1 / 50


Asking price
Classic Motor Hub

Classic Motor Hub

Premium dealer

1962 Aston Martin DB4 to GT Specification For Sale

  • Right Hand Drive
  • Manual, 4 speed
  • Petrol
  • 1962
  • Silver
  • Dealer
  • United Kingdom


1962 Aston Martin DB4 Series IV for sale
Restored to full GT specification by Goldsmith & Young
Engine rebuilt to 4. 7 litres by RS Williams
Dyno-tested at 349bhp

This beautifully presented Aston Martin DB4 Series IV was rebuilt to full GT specification by marque specialist Goldsmith & Young, since when it has been maintained regardless of cost.

Chassis number DB4/ 813/ R was first registered on 10 February 1962, with the same number that it still wears today – SGR 404. Finished in Black Pearl with red trim, it was sold new to Levey’s Wallpaper Stores Ltd in Newcastle upon Tyne. In February 1964, it was acquired by a new owner who was based in London, and the original log book records its ownership history up to the early 1970s.

Its conversion to GT specification was carried out during 2011-12, and involved far more than just upgrading the mechanical components. The car was shortened by five inches to match the dimensions of the GT, and the boot floor was changed to GT spec, with the spare wheel mounted over a 100-litre polished-aluminium fuel tank.

The six-cylinder engine was initially bored out to 4. 2 litres and fitted with a twin-plug cylinder head. The twin Lucas DMBZ6A distributors were converted to Lumenition electronic ignition with original copper-core HT leads, and triple Weber 45 DCOE carburettors were fitted. A remote oil-filter conversion was added, plus a full-flow oil cooler with braided hoses.

More engine work was then carried out by RS Williams in late 2022. The extensive rebuild involved taking the capacity up to 4. 7 litres, and a dyno test showed that it was producing 349bhp at 5500rpm and 379lb ft of torque at 4000rpm. It drives through a David Brown four-speed synchromesh gearbox.

Considerable thought was given to chassis modifications. Koni SP2 front dampers were fitted, while a telescopic conversion was carried out at the rear. In order to reduce body roll while cornering, the rear roll centre was altered via a lower Watt link centre pivot, and an upgraded anti-roll bar was fitted at the front. Solid steering-rack mounts were also specified.

The braking system benefits from Girling four-pot calipers front and rear, and there’s a GT-spec twin master cylinder pedal box, with bias bar.

Inside, there are Ridgard RS4 racing seats with Securon four-point harnesses, plus mounting points so that a six-point cage could be installed. A Stack electronic tacho has replaced the original mechanical unit, there’s a mohair headlining, and a battery isolator switch has been added.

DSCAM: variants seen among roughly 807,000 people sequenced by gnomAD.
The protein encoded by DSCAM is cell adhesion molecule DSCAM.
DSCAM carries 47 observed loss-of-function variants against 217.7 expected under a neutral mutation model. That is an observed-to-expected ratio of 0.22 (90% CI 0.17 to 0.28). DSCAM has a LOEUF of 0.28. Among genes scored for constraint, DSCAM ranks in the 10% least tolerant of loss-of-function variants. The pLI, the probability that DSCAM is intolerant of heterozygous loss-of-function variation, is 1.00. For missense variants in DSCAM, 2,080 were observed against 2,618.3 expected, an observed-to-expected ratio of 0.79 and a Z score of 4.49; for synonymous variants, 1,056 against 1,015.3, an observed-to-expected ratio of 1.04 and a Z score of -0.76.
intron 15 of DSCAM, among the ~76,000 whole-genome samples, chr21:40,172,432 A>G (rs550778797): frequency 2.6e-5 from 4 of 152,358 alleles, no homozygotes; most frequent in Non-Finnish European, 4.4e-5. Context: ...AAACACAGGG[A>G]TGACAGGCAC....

Now presented in Light Grey with red leather interior, the DB4 has been de-bumpered and the mounting holes deleted. Lightweight polycarbonate rear quarter-windows and rear screen have been installed, although the owner decided to retain framed glass windows for the doors, he specified period correct lightweight polycarbonate rear quarter-windows and screen along with 16in chrome wire wheels to be fitted.

Having been used sparingly since its restoration, this Aston Martin DB4 is offered for sale in exceptional condition and with an extensive history file that includes its original build sheet and service record, plus a photographic record of its rebuild. The painstaking way in which it was converted to GT specification is apparent in every detail, and the result is a superb example of this highly sought-after British sports car.

When the Aston Martin DB4 was launched in 1958, it marked the beginning of a new era for the British marque. John Wyer was dissatisfied with the styling of an initial 1956 prototype for the proposed ‘next generation’ of Aston Martin, and insisted that the company should turn to an Italian design house.

A deal was therefore done with Touring of Milan, from which Aston Martin also licensed the Superleggera method of lightweight construction, which involved using a framework of small tubes on a rigid platform chassis.

Touring’s crisp, clean shape was fitted around a new 3. 7-litre six-cylinder engine that had been designed by Tadek Marek. Suspension was via coil springs and wishbones at the front, with a live axle at the rear. Rack-and-pinion steering was fitted in place of the steering box used on the earlier DB2 series, while disc brakes were used all round.

The DB4 was regularly updated throughout its production run, from the 1958 Series I to the Series V of late 1962. From 1961 onwards, there were also the options of a convertible body style and the more powerful Vantage model.

In addition, there was the short-wheelbase, competition-focused DB4 GT, which was introduced in autumn 1959. Only 95 of these lighter, more powerful models were built, and they were successfully raced in period by the likes of Stirling Moss, Innes Ireland and Jim Clark.

When John Bolster tested one for Autosport magazine, he recorded a 0-60mph time of 6. 4 seconds, a top speed of 152mph, and concluded that the DB4 GT ‘must be placed high on the list of the world’s most desirable Grand Touring cars.’

Classic Motor Hub

Classic Motor Hub

Premium dealer

Verified since 2013

Verified sellers have provided photographic ID and been through bank-level security checks to establish their identity.

398 Listings since 2020

Vehicle location

By Appointment Gloucestershire
Get directions

Advert Details

Advert type:
For Sale
Classic Cars
Reference number:
Listed on:
Seller type: